I would like to point out that I am now running by Braille, My short sightedness means I have no idea what lies beneath or ahead of my feet, which would be fine if I had bare foot running shoes, but I don’t. I have no idea what the surface of the path holds in store for me and I am just praying that I don’t trip over or fall down a hole. This is going to be fun (I use this word lightly), good job that I had decided before the race started that I wasn’t going to race it, I was just going to complete it and try not to get injured.
So, the path gets slippy, then muddy. We are heading downhill and I’m still upright, which is a miracle. There are runners behind me and if one of them slides they could take me out in the process. I’m getting disorientated, another side effect of being without my glasses. I haven’t covered this area before so have no idea of what lies in store for me or the other runners. Before I know it, we are in a thick wooded area, the path ahead is blocked by a queue of runners and it sounds like water is close by. I can hear the sound of what appears to be people being put through the commando’s test, where you have to swim through a pipe filled with water. I’m starting to panic. Anyway I reach the point that has caused the gridlock, I have to scramble over a mound which is where I become very pathetic and announce “I need a hand over this”. Some kind male runner ahead of me assists and I plunge down into muddy water, the depth of which will without doubt cover my shoes and more. And yes it does. I’m up to my thighs in the wretched stuff, but I lose balance and I’m now sat in what can only be described as a deep stream, not a water filled path. I am up to my waist in cold mud and water and I can’t stand up. I’m squealing and male runner who assisted me over the mound helps again pulling me to my feet. The days of chivalry haven’t disappeared after all. “What the hell am I doing here” I shout. “I’m menopausal and approaching 50, I could have easily gone and bought a pair of gloves in a shop in the dry”. No one answers, they aren’t bothered about some silly old croc, they’re concentrating on the job in hand.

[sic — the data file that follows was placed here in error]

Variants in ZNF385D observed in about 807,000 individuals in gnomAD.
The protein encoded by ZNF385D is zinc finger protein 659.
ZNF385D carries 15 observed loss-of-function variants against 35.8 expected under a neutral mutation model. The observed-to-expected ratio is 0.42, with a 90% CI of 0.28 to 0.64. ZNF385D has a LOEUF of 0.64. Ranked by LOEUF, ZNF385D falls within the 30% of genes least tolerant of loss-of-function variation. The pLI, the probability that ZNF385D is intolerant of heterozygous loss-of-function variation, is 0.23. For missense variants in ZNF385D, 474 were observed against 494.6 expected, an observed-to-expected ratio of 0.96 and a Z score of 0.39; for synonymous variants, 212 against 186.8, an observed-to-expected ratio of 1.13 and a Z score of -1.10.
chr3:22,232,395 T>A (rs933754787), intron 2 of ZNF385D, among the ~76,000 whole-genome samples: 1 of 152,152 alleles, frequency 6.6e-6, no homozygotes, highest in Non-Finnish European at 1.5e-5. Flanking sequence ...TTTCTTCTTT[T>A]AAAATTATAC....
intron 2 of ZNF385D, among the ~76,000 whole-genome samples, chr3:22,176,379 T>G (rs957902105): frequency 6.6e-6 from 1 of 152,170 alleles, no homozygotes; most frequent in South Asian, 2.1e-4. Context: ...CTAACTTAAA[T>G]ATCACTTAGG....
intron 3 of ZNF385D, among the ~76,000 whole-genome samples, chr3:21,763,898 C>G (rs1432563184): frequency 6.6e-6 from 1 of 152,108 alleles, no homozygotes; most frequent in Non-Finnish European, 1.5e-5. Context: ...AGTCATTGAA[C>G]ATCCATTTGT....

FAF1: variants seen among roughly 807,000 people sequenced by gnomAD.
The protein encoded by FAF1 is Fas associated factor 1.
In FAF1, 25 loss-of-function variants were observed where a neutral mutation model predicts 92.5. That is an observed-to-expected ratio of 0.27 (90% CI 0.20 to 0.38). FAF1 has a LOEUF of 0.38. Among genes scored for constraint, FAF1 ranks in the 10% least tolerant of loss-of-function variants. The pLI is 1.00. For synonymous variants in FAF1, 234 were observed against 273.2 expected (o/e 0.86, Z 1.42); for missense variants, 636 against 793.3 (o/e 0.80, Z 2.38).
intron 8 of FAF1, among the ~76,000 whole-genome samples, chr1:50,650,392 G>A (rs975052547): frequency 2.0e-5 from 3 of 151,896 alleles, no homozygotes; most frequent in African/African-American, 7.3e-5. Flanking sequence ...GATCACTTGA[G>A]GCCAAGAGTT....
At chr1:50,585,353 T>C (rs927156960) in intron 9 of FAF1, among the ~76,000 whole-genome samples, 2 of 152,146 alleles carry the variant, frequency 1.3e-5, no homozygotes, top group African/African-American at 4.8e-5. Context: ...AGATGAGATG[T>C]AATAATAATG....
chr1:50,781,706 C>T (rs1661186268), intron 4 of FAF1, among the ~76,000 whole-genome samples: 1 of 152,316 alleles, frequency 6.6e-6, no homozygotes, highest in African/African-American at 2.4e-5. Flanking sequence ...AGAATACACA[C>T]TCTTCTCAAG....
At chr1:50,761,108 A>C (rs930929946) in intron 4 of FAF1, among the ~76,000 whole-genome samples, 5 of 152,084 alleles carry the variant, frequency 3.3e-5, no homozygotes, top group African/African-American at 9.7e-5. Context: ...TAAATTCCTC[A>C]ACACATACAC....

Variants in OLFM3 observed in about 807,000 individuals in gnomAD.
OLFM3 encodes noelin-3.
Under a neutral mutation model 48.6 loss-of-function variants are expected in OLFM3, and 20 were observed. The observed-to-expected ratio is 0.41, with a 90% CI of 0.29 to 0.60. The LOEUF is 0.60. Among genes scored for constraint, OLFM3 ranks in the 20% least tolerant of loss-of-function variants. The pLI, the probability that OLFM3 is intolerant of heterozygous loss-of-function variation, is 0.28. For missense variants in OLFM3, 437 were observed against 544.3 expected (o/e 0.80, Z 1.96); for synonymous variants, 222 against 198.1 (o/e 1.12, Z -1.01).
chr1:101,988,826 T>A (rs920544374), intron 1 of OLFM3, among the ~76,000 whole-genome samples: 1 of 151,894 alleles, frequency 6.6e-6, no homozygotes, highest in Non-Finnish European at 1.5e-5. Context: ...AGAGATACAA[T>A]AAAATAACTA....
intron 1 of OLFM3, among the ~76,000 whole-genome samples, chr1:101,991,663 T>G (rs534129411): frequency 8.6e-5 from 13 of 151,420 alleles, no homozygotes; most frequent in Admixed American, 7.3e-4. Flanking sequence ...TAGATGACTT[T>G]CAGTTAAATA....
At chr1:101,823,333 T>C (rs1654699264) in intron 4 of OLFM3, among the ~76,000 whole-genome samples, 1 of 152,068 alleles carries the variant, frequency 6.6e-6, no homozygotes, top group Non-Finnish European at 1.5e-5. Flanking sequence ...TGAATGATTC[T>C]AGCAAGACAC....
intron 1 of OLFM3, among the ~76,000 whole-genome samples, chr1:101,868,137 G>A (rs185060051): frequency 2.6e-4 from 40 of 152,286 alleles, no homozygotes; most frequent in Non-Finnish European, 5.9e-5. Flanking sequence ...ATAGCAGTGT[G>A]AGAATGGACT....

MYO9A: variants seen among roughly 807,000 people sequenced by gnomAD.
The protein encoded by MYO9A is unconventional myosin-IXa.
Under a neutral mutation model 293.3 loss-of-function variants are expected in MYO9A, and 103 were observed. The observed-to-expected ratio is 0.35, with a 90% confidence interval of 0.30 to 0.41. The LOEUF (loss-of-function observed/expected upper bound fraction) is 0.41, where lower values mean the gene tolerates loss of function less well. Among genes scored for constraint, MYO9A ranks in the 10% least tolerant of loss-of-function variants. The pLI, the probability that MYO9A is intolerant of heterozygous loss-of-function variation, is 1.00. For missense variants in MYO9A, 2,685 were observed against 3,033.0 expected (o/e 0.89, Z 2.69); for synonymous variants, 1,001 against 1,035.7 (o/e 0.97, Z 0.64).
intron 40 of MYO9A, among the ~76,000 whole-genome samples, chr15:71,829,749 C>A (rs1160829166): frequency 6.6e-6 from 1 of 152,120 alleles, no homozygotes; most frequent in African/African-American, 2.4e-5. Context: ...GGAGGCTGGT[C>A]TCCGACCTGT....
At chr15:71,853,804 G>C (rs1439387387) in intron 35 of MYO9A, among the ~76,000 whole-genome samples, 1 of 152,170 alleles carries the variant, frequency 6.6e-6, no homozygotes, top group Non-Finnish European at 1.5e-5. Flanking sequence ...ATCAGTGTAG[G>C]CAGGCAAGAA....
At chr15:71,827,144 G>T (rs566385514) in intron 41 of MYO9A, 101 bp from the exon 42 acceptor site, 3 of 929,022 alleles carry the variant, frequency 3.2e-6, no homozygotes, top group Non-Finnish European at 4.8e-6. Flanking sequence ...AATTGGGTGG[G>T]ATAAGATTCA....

I’m now running in soggy, water and mud filled knickers and shorts. A disgusting feeling which again I have only experienced as a 5yr old, when I slipped into a river with my welly’s on and then walked the mile home. More woodland paths are run upon, and then the delights of a very large log, has to be negotiated. This was mentioned in the pre race briefing, but I heard rope and pull, not slippery slope and jump. The Pathetic female in me raises her head once again. I am not smiling, I just state, “how the hell am I going to get down this slope”. Two girls overtake me lowering themselves down into a sitting position and slide gracefully down the slope of their bottoms. Oh my god, this means there is nothing left but to follow in the same fashion. Dodgy hip is holding so far, but I now have to climb this huge log. For those with wood burners, it wouldn’t fit, but it would feed your burner for about a year. Someone has kindly cut a couple steps into the side, but this old croc is making heavy weather of this obstacle. I’m stood on top of it and I need to jump down. “Husband who plays golf”, always helps me in these sorts of situations, by offering me his hand to break the jump/fall, so what am I to do today? A male race marshal is stood there, so I tell him I need to hold his hand. As I’m still in growling mode, he does as he is told; I’m in “Don’t mess with Hana” mode! No idea who it was helping me, as no glasses on. Thank you though. Oh how I hate mud. Fingernails broken, and full of mud. [I think it was Jeremy at that point Hana!!]
On I plod, always conscious that I have runners behind me, but I can’t pick up too much speed due to tree roots and other ankle snatching items. I have picked up a thorn in my finger, but can’t stop to remove it. We are at St Clements village, and now we head off along the path towards Malpas. I know what lies ahead, STEPS, the dreaded STEPS that everyone talks about, but at least I can take a sort of breather walking up these.
So I walk up the steps and then onto a shaded muddy path. It’s a bit like cross country skiing here, but I’m still upright. We now go across fields and I have no idea where I am, but I hear Catherine behind me shouting go on Hana…..I’m walking so I need encouragement to start running again. Off I plod, and I’m now behind Richard. He kindly states that I can pass him if I want. I don’t think I do, so stay behind him for a while, and then I decide it’s time to make a bit of an effort. A couple of the TRC runners who I normally beat have already gone past me, I need to man up and get this job finished. I’m cold, soggy, not motivated at all and in need of a hot shower and clean clothes.
Can I hear people cheering? Is that the gate out onto the short stretch of Tarmac that leads to the field and the uphill section to the finish line? Is that John with a camera? I’m not going to smile for him; I’ll just utter some words of abuse instead.
I’m in the last 100m of this race, I have no idea where the finish line is, until someone says “you can stop running now Hana”. Thank god this mud fest has come to an end, now where are my GLOVES?